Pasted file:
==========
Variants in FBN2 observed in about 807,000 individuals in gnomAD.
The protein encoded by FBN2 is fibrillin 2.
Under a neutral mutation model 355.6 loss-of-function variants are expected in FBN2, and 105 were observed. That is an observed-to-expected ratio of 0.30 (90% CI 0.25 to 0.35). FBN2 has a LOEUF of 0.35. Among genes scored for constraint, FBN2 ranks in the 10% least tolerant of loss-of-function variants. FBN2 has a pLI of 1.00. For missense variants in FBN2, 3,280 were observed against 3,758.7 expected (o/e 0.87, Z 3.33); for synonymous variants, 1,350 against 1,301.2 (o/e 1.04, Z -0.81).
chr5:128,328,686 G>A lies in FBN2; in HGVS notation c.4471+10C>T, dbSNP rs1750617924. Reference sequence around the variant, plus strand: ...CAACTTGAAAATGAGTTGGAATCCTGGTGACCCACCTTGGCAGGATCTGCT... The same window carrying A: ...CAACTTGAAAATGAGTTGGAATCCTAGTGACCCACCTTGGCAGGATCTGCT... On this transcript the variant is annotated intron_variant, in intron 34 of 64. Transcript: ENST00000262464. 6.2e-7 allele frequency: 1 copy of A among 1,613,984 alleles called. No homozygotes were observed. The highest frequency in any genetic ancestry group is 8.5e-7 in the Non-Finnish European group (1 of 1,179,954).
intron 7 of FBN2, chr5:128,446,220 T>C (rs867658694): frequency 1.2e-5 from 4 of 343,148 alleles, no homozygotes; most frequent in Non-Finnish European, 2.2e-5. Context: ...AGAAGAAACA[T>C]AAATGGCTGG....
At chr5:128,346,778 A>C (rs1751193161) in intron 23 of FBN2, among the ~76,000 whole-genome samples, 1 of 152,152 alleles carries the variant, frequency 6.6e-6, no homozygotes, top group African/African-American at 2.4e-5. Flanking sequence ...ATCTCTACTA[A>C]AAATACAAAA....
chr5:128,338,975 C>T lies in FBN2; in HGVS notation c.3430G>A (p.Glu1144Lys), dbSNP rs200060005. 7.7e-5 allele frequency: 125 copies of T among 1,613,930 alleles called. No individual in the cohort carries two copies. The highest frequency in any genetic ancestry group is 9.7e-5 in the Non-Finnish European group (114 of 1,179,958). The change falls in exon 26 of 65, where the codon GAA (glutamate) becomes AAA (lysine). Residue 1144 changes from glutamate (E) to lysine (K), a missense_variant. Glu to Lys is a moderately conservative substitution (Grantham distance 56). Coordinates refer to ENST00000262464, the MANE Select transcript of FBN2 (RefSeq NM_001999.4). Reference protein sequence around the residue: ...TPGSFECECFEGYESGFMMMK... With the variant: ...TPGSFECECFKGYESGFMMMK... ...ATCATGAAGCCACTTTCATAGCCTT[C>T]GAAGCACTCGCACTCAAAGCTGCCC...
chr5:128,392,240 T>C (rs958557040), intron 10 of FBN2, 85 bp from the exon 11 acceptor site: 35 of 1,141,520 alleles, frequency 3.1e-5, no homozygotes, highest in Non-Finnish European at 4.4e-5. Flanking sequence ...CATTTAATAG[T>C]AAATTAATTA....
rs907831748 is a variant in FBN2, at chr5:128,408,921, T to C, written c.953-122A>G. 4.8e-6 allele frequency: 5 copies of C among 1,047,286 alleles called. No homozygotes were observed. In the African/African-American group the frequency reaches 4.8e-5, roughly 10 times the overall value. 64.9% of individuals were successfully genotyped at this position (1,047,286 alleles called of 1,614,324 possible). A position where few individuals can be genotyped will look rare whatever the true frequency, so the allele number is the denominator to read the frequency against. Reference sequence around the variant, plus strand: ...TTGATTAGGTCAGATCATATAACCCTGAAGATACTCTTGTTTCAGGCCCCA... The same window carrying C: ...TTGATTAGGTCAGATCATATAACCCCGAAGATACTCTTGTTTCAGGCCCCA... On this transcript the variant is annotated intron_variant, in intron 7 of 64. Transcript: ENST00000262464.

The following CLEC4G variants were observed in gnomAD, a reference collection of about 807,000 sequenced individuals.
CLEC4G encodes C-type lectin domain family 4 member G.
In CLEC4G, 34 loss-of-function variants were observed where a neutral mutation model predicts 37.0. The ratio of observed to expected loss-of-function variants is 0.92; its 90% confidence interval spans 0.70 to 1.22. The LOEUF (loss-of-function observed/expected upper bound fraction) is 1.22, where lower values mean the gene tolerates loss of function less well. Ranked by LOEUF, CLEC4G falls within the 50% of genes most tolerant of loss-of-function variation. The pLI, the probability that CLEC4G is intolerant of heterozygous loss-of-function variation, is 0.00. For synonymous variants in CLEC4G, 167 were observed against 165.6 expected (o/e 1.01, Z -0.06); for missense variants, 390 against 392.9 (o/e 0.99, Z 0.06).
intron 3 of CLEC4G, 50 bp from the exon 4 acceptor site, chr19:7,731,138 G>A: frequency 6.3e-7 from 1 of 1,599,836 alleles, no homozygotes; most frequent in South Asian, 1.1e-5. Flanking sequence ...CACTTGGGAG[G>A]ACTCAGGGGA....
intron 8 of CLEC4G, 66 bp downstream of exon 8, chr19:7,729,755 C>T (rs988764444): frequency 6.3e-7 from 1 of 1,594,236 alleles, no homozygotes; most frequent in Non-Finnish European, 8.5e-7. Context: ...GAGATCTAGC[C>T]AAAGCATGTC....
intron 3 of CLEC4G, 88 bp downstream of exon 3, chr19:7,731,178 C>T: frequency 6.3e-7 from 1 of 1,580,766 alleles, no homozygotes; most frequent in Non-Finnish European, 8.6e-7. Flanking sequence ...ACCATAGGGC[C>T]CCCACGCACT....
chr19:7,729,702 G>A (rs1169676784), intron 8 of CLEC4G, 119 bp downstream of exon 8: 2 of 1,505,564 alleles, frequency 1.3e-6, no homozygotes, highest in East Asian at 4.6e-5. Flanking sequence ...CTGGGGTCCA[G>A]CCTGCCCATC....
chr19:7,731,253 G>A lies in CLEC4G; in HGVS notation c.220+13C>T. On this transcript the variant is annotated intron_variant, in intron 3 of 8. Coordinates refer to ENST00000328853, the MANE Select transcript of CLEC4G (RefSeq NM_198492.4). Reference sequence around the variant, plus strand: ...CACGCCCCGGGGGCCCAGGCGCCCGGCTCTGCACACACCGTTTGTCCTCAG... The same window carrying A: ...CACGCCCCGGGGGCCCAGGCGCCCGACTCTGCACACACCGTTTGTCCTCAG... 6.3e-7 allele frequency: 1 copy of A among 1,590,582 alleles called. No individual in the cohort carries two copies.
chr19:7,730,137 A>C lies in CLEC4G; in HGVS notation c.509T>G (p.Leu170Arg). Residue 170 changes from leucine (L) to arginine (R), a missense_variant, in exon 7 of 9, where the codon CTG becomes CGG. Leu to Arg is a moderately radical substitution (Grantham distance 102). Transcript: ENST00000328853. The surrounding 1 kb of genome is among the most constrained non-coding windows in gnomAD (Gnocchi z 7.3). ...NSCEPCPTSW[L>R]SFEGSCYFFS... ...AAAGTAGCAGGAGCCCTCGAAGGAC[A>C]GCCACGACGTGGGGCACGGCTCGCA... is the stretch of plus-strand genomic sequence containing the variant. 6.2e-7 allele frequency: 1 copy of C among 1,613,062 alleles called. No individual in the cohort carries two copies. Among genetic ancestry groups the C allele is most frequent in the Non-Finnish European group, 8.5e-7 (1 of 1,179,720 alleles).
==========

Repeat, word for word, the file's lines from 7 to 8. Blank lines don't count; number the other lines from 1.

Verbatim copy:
chr5:128,338,975 C>T lies in FBN2; in HGVS notation c.3430G>A (p.Glu1144Lys), dbSNP rs200060005. 7.7e-5 allele frequency: 125 copies of T among 1,613,930 alleles called. No individual in the cohort carries two copies. The highest frequency in any genetic ancestry group is 9.7e-5 in the Non-Finnish European group (114 of 1,179,958). The change falls in exon 26 of 65, where the codon GAA (glutamate) becomes AAA (lysine). Residue 1144 changes from glutamate (E) to lysine (K), a missense_variant. Glu to Lys is a moderately conservative substitution (Grantham distance 56). Coordinates refer to ENST00000262464, the MANE Select transcript of FBN2 (RefSeq NM_001999.4). Reference protein sequence around the residue: ...TPGSFECECFEGYESGFMMMK... With the variant: ...TPGSFECECFKGYESGFMMMK... ...ATCATGAAGCCACTTTCATAGCCTT[C>T]GAAGCACTCGCACTCAAAGCTGCCC...
chr5:128,392,240 T>C (rs958557040), intron 10 of FBN2, 85 bp from the exon 11 acceptor site: 35 of 1,141,520 alleles, frequency 3.1e-5, no homozygotes, highest in Non-Finnish European at 4.4e-5. Flanking sequence ...CATTTAATAG[T>C]AAATTAATTA....